World Bulletin/News Desk
Nigeria's Boko Haram leader Abubakar Shekau, or a man claiming to be him, has been killed at least three times so far, according to the military, yet each time he apparently returns in the group's numerous videos.
Dead or alive, he appears to be fuelling fighting which rights groups say is killing more people than at any time during Boko Haram's five-year-old struggle in the north of the 175 million-strong state.
Officials say Shekau may be a name adopted by leaders of various wings of Boko Haram, raising the possibility the death of one may make others more amenable to negotiating an end to the fighting and release of 200 schoolgirls whose kidnap in April caused an international outcry.
The last time the military said he was dead a year ago, a man looking similar to Shekau but slightly fatter continued to appear in videos issuing threats and taunting authorities.
Now Nigeria's military says this video imposter -- real name Bashir Mohammed -- has died in fighting in the town of Kondugu, prompting the question whether there is another Shekau lookalike ready to continue the fight in Africa's top economy.
An alternative possibility is that Shekau is not dead.
"The Nigerian army has claimed on multiple occasions to have killed Shekau and it's been disproved," said Ben Payton, senior Africa analyst at UK-based risk consultancy Maplecroft.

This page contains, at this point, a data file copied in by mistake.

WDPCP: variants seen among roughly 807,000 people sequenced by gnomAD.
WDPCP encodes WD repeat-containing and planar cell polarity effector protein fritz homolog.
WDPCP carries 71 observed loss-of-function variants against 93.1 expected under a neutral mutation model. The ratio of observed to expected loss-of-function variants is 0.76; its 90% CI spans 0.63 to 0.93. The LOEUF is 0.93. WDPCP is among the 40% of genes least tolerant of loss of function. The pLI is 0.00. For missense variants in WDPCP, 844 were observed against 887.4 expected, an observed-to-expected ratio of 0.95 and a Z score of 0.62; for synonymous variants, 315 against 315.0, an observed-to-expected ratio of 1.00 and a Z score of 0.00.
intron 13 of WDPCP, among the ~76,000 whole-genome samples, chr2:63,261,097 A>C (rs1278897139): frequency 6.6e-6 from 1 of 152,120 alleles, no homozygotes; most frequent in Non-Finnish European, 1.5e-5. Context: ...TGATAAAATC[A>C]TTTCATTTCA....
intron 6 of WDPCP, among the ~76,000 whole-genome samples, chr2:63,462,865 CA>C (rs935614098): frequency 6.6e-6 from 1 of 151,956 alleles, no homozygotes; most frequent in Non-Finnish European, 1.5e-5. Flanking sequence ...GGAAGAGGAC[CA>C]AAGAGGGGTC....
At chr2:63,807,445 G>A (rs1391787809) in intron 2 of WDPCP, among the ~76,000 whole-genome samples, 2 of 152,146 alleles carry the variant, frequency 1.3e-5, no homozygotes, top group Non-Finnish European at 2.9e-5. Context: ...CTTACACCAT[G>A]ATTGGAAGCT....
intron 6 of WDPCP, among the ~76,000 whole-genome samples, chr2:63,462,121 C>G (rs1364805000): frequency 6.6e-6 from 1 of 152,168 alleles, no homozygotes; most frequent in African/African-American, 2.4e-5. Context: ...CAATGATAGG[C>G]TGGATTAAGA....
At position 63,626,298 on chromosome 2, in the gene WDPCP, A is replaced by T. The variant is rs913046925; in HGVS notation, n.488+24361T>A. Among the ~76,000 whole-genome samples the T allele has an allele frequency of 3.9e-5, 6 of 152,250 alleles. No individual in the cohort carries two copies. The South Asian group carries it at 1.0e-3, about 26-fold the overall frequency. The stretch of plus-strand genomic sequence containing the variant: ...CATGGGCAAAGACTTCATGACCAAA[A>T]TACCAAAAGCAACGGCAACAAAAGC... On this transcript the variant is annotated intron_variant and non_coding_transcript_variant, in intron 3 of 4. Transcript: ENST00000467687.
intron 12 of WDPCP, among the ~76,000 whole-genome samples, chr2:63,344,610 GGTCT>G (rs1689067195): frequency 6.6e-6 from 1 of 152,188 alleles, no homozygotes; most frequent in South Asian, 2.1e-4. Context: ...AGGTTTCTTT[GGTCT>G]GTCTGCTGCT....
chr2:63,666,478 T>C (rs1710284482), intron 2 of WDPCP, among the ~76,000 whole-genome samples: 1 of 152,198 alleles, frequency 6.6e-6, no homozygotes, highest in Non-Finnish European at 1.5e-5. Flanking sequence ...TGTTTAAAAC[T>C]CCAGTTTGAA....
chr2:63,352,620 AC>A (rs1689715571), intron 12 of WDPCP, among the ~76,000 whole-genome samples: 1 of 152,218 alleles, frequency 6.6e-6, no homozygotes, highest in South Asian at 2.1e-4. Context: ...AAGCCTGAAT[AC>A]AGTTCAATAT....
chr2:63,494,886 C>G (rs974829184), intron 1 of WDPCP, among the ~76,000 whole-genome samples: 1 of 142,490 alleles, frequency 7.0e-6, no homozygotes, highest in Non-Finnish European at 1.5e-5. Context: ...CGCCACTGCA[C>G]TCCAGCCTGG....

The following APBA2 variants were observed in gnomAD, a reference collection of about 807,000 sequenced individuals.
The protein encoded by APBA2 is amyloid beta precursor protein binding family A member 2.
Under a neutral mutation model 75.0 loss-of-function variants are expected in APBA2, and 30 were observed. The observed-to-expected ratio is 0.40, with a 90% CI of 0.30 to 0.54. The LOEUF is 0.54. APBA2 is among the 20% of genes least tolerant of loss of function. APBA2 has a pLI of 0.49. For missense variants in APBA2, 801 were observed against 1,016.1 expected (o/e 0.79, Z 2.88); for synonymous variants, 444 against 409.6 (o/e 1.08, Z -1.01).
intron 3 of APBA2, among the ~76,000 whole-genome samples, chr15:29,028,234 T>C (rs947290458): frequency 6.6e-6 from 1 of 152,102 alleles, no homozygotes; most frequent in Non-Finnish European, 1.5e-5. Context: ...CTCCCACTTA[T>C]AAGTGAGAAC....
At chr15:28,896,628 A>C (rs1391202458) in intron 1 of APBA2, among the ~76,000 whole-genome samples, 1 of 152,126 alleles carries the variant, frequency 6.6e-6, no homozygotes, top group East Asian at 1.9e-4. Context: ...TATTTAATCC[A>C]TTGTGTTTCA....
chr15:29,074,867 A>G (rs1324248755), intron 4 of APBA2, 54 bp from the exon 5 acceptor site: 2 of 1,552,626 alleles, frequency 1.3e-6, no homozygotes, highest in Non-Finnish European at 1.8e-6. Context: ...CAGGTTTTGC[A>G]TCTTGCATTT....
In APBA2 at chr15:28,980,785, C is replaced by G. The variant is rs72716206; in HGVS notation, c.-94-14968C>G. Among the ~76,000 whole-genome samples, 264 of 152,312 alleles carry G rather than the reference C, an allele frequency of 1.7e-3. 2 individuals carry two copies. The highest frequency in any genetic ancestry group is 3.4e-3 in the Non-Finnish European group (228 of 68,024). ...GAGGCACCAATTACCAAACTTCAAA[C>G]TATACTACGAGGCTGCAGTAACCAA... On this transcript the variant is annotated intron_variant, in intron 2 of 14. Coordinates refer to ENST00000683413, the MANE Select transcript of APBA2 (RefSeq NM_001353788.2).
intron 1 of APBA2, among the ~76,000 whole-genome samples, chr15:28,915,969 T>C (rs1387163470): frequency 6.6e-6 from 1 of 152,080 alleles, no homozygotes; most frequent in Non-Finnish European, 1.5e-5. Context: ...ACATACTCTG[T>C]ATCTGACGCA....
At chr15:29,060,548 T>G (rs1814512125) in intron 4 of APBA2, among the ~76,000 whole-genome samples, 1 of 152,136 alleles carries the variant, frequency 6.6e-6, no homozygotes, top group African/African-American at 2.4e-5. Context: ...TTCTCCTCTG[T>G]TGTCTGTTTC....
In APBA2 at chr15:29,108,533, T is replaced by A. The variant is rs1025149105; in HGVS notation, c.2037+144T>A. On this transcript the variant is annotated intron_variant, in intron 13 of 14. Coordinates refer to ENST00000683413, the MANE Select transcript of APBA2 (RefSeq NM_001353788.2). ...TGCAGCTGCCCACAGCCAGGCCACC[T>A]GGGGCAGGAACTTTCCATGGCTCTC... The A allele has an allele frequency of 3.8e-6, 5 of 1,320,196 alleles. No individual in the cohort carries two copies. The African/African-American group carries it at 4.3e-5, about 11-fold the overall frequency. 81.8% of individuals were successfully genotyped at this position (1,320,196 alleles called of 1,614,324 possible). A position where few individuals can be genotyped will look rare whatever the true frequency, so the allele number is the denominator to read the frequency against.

Shekau took over when Boko Haram's founder and spiritual leader Mohammed Yusuf was killed in policy custody in 2009.
It is not possible to verify whether or not the videos are of the same person or more than one, but the man in later videos that the military said was Bashir Mohammed had a plumper, rounder face, his nose was wider and his bridge less defined.
The old Shekau was often quite sombre; the new one has a menacing laugh. And he only appeared after the alleged death of the real Shekau in August last year.
"The name Shekau has become a brand name for the terrorists' leader," military spokesman Major-General Chris Olukolade said on Thursday, an acknowledgment that however many Shekaus they kill, the violence is unlikely to end.
By contrast, the death of Angolan rebel leader Jonas Savimbi in battle in 2002 ended a quarter century of civil war in Angola.
"Even if Shekau has been killed ... Boko Haram is much bigger than one individual. It has multiple units that operate with a fair degree of autonomy," said Payton.
The military said on Wednesday more than 130 Boko Haram fighters had surrendered, and a man posing as the group's leader in numerous videos had been killed in clashes, although it often claims successes that are impossible to independently verify.
"It's very likely that there's two or three Shekaus and the commanders of different factions decided to all use the name," said Jacob Zenn, Boko Haram expert at the Jamestown Foundation.
"Possibly, that leaves ... an opportunity to capitalise on the death of this Shekau and start talks with various (other) members of Boko Haram."Last Mod: 26 Eylül 2014, 11:25